• In The Life and Times of Juniper Lee, leprechauns are actually about six feet tall and dress and act like New Age Retro Hippies. (Yes, really.)
  • In a St. Patrick's Day episode of Jackie Chan Adventures, Jade dresses up as a leprechaun to get some info out of some guys at a pub, threatening to put a hex on them if they don't talk. It backfires because they chase after her, thinking "he'll" lead them to "his" pot of gold.
  • Leprechauns are a rather common sight in American Dragon: Jake Long. Jake once even rescues one Leprechaun's pot o' gold, in another episode several magical creatures are caught by the Huntsclan - among them, one (very unlucky) leprechaun.
  • Teen Titans Go!: The Titans are seeking leprechaun gold to break a curse brought on by pinching someone not wearing green on St Patrick's Day. Rainbows are generated by True Love's Kiss between leprechauns and they put their pot of gold at the end of them. Females have Tertiary Sexual Characteristics and apparently Robin is secretly a leprechaun.
  • A Leprechaun appears in one episode of Adventures of the Gummi Bears as a childhood friend of Grammi. Unlike other versions the Leprechaun was very friendly, if a little misbehaved.
  • In the Ready Jet Go! episode "Bortron Leprechaun", Sydney tells Jet about leprechauns, creatures that keep a pot of gold at the end of the rainbow. Jet wants to find one. When he thinks that he's found one, it turns out to be Sunspot.
  • Punky Brewster:
    • Punky relates how she met Glomer in the title song. Glomleys (a creature of which Glomer is) are leprechaun helpers in their homeland of Chaundoon.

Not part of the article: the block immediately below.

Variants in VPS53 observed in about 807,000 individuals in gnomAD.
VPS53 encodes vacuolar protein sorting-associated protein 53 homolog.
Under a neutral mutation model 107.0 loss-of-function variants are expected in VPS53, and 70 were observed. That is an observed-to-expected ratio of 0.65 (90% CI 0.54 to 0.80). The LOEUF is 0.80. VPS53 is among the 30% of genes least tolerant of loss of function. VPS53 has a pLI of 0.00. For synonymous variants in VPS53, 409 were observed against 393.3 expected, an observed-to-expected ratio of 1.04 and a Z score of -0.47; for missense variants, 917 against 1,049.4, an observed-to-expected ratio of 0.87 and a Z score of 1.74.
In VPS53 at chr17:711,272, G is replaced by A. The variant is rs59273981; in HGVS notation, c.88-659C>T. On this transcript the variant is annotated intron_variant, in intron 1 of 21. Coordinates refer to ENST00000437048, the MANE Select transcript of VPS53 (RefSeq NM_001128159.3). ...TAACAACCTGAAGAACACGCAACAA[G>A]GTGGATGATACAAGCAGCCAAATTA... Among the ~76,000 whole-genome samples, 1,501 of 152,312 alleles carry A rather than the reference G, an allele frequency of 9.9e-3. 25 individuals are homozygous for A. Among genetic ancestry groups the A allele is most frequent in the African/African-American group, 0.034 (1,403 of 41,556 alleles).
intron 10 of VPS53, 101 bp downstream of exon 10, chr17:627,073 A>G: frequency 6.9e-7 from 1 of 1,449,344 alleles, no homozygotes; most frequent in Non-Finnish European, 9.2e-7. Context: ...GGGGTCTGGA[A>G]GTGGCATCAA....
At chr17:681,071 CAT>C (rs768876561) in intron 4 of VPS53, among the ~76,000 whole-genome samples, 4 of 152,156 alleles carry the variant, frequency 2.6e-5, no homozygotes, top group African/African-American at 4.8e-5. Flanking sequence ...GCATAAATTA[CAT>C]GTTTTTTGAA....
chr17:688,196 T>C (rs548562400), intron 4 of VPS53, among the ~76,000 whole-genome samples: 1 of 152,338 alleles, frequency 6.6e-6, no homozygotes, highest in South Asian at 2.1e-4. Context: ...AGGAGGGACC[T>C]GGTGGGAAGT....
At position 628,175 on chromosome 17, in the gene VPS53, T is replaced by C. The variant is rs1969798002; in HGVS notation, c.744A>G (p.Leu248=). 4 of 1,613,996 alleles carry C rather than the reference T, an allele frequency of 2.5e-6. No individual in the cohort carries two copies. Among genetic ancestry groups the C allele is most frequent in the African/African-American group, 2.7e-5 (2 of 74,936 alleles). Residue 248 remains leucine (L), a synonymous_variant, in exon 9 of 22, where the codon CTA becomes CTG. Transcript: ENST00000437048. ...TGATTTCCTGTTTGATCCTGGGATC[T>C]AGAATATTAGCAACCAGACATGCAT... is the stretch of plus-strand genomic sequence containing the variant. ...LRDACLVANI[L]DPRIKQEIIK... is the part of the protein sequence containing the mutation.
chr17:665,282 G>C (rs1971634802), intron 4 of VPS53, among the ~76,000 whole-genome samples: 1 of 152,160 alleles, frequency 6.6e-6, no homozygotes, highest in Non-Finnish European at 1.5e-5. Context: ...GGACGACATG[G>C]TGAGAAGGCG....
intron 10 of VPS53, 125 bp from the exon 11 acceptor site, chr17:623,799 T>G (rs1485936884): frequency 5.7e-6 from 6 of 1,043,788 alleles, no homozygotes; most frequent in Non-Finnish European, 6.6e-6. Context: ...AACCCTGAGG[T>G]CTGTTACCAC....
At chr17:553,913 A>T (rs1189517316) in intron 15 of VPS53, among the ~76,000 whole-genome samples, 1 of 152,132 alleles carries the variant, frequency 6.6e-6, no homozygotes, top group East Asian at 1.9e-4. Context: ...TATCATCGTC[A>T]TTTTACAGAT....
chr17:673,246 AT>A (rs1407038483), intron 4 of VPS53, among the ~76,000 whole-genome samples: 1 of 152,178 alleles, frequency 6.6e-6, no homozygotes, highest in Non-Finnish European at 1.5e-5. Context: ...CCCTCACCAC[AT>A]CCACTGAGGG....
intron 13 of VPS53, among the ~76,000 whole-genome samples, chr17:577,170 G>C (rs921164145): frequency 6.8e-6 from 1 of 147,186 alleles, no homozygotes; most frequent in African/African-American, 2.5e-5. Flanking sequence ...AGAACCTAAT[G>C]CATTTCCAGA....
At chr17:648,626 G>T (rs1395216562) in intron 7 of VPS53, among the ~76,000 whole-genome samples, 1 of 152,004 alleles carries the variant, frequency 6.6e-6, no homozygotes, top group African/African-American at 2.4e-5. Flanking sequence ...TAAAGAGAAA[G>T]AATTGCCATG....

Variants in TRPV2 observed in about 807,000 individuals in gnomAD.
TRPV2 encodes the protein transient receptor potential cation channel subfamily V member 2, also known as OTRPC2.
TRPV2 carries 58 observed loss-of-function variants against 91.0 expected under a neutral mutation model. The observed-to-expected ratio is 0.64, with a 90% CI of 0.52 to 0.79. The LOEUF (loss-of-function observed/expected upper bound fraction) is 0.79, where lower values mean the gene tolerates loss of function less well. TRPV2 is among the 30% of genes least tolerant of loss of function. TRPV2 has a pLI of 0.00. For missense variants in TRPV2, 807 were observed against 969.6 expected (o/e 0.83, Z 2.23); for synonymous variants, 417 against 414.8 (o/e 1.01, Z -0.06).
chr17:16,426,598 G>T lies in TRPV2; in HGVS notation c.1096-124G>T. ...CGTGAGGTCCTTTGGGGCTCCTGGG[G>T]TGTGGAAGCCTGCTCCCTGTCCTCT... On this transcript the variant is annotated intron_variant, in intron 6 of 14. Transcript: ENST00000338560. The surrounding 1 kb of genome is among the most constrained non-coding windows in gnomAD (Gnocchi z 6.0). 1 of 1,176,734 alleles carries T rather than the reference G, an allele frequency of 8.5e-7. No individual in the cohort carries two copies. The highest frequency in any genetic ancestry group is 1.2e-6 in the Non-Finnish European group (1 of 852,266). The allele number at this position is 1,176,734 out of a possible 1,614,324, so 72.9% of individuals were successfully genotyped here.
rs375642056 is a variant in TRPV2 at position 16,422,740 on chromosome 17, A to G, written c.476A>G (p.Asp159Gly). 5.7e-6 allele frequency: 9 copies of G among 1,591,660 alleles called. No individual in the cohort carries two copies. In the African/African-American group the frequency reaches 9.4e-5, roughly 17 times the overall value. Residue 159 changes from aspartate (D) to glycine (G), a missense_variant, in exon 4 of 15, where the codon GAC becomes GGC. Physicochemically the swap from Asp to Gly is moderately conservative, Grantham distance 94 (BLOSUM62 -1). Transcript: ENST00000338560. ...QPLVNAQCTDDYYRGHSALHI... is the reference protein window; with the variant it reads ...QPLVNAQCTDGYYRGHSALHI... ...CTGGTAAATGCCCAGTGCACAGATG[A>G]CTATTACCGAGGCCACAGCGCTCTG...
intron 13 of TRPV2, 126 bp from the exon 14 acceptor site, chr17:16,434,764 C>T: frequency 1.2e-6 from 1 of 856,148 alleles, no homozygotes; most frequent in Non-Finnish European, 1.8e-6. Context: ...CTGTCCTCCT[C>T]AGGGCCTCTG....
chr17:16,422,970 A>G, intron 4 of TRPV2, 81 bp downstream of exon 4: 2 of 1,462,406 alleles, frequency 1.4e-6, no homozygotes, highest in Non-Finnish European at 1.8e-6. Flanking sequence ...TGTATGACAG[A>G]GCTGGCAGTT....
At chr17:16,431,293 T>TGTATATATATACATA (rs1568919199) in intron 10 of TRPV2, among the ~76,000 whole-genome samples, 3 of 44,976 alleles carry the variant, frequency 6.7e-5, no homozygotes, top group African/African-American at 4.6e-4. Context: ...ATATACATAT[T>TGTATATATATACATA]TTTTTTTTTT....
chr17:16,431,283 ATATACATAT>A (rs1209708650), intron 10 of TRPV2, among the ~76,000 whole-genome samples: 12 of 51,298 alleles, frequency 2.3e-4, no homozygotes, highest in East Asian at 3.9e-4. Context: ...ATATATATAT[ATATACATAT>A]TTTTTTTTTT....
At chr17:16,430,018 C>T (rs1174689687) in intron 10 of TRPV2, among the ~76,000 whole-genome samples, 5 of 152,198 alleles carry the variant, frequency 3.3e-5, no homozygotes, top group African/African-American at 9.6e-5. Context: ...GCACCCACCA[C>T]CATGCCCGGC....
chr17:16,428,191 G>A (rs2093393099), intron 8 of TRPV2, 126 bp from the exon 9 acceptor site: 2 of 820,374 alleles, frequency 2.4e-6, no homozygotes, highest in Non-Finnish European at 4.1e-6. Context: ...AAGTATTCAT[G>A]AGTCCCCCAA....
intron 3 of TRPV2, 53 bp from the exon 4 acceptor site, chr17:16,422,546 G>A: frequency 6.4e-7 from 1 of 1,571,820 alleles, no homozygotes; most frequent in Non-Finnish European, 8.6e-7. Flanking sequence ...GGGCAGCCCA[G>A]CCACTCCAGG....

• One episode has a bad leprechaun imprisoned as a piece of art on a plate escape and causing chaos.
    • In "Return to Chaundoon", Glomer returns home and brings Punky with him, where they find the glomleys and the leprechauns mysteriously asleep.
  • Laff-A-Lympics had an event take place in Ireland where the object was to capture a leprechaun and borrow his pot of gold. While the leprechaun has some fun at the athletes' expense, the Rottens plan to win the event by foul means.
  • A leprechaun asks for help from Ruff and Reddy in rescuing a leprechaun princess from a hulking, thieving brute, the "Goon of Glocca Morra" (also the name of the story arc).
  • In an Al Brodax Popeye cartoon, the Sea Hag tricks a leprechaun into surrendering the pot of gold to her, putting him on the outs with the leprechaun community. Popeye makes things right again and becomes an honorary leprechaun.
  • A Noveltoons cartoon called "Leprechauns Gold" focuses on Leprechauns during their annual gold-washing ceremony.
  • Monsters vs. Aliens (2013): One enters the base in "When Luck Runs Out". It turns out to be an alien that manipulates probability, giving people good luck when he's friendly... and bad luck when he's angry.
  • Lucky stars Happy "Hap" McSweeney, a leprechaun with terrible luck as a result of his family's pot of gold being stolen years ago by Harry Houlihan.

    Real Life 
  • In the Crichton neighborhood of Mobile, Alabama, a group of fine upstanding citizens thought they saw a leprechaun in a tree and soon formed a mob of leprechaun catchers intent upon getting "da gold", creating a media frenzy and casting an unflattering light on Alabamians in general with their antics. This video contains a "sketch" of the leprechaun that appeared on the Alabama evening news. To date, the leprechaun remains at large.
    • It turns out that it was the folks in the neighborhood messing with the media and the "leprechaun" was really a local resident with dwarfism wearing green and goofing around on a tree. No one really thought there was an actual leprechaun, they knew it was a guy called "Midget Sean" and they played-up the Jive Turkey stuff as well....all to troll the local media. It also was a bit of payback to folks with a possible ethnic-bias who called the media and cops over a big gathering of black people (who were merely being entertained by their pal, Sean and not causing trouble).